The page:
When Windows 10 was launched back in 2015, Microsoft stated that this would be the last major release with a distinct version number, as Windows would become more of a service receiving constant minor updates. Fast forward to 2021, and Microsoft has other plans for Windows and its ecosystem. Windows 11 was announced in June 2021, and now it’s time for the official release. Let’s see what Windows 11 brings to the table.
Getting Windows 11:
After the announcement of the launch of Windows 11, there was a lot of fuss about the devices that could support it. Windows 11 officially requires a Trusted Platform Module (TPM) 2.0, UEFI, and Secure Boot in order to run on a machine, and if yours doesn’t meet those requirements, you will not be able to install it. The easiest way to check whether your hardware is eligible is by installing Microsoft’s own PC Health Check application.
If you haven’t already received an alert prompting you to update, and your PC is compatible with Windows 11, you can use the Windows 11 Installation Assistant Tool to download and install the update onto your system. This will not erase any of your personal files and is similar to an OTA (over-the-air) update – however, it’s always advisable to have backups. Similarly, you can create a bootable USB drive or a disk image to perform a clean install.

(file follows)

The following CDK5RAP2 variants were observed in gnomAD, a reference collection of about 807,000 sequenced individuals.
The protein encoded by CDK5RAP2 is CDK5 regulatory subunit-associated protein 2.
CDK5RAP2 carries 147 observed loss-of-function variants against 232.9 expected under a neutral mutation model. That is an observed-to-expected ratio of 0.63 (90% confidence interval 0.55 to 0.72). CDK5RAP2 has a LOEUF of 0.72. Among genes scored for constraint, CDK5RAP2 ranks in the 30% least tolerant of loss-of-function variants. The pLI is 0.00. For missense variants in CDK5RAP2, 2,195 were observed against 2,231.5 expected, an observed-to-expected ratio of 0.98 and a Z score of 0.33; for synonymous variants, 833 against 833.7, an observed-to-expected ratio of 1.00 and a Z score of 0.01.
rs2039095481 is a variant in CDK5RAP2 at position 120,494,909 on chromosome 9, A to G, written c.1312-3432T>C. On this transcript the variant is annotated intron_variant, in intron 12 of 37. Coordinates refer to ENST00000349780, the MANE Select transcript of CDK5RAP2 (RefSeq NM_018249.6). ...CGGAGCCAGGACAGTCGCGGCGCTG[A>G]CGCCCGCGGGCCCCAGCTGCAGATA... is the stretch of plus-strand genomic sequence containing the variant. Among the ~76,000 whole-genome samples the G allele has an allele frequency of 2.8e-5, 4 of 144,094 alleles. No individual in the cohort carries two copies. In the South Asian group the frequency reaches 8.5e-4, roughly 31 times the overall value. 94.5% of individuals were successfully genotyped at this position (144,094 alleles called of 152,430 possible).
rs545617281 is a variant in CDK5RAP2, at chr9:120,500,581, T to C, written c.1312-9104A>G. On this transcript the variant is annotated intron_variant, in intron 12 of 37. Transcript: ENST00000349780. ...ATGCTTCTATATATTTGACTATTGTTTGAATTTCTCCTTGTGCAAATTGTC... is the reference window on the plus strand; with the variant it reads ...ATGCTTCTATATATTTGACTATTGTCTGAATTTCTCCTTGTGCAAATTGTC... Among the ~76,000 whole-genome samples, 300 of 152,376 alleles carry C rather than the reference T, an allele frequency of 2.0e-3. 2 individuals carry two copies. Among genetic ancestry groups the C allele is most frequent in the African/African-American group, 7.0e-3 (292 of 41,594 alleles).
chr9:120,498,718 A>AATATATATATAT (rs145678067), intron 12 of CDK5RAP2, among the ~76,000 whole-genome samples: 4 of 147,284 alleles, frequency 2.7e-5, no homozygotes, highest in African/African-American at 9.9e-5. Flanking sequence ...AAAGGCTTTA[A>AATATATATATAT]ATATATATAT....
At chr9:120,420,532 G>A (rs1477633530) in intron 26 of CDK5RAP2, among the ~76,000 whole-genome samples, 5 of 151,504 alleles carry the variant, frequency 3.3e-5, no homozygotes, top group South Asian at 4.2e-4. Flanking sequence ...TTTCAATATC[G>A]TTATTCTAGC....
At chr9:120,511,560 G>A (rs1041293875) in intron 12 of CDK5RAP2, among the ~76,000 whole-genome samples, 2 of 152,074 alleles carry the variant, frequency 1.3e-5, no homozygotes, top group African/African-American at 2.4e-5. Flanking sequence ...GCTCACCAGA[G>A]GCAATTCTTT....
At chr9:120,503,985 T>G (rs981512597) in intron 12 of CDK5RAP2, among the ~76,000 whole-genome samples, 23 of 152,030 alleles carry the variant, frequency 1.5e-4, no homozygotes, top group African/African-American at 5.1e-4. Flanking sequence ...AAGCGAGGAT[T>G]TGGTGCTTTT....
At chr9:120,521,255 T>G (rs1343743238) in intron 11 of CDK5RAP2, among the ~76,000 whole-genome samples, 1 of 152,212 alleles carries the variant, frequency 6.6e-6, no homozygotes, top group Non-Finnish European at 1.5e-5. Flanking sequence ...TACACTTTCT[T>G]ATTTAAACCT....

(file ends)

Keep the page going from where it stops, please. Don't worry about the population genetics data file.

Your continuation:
Windows 11 will be a free upgrade for people coming from Windows 10. Retail pricing for people with custom-built PCs has not been revealed yet. The installation process has been given a simple and minimalist redesign, which I personally found quite pleasant. Microsoft’s official website showcases the system requirements for Windows 11: a 1GHz CPU or faster, 4GB of RAM, 64GB of free storage, a high definition (720p) display that is greater than 9 inches diagonally and supports 8 bits per colour channel, a GPU that is compatible with DirectX 12 or later with a WDDM 2.0 driver, and of course, the above-mentioned TPM 2.0 security chip, UEFI, and Secure Boot capability.
Windows 11: Design and interface
The Windows taskbar with a Start button in the bottom left corner is now familiar to millions of PC users. However, this time around, Microsoft has changed that. The company says “With Start, we’ve put you and your content at the centre.”
Yes, the Start button is now located roughly in the centre of the taskbar. It took me some time to get used to the fact that it is not in the lower-left corner of my screen anymore. My muscle memory almost always signalled me to …….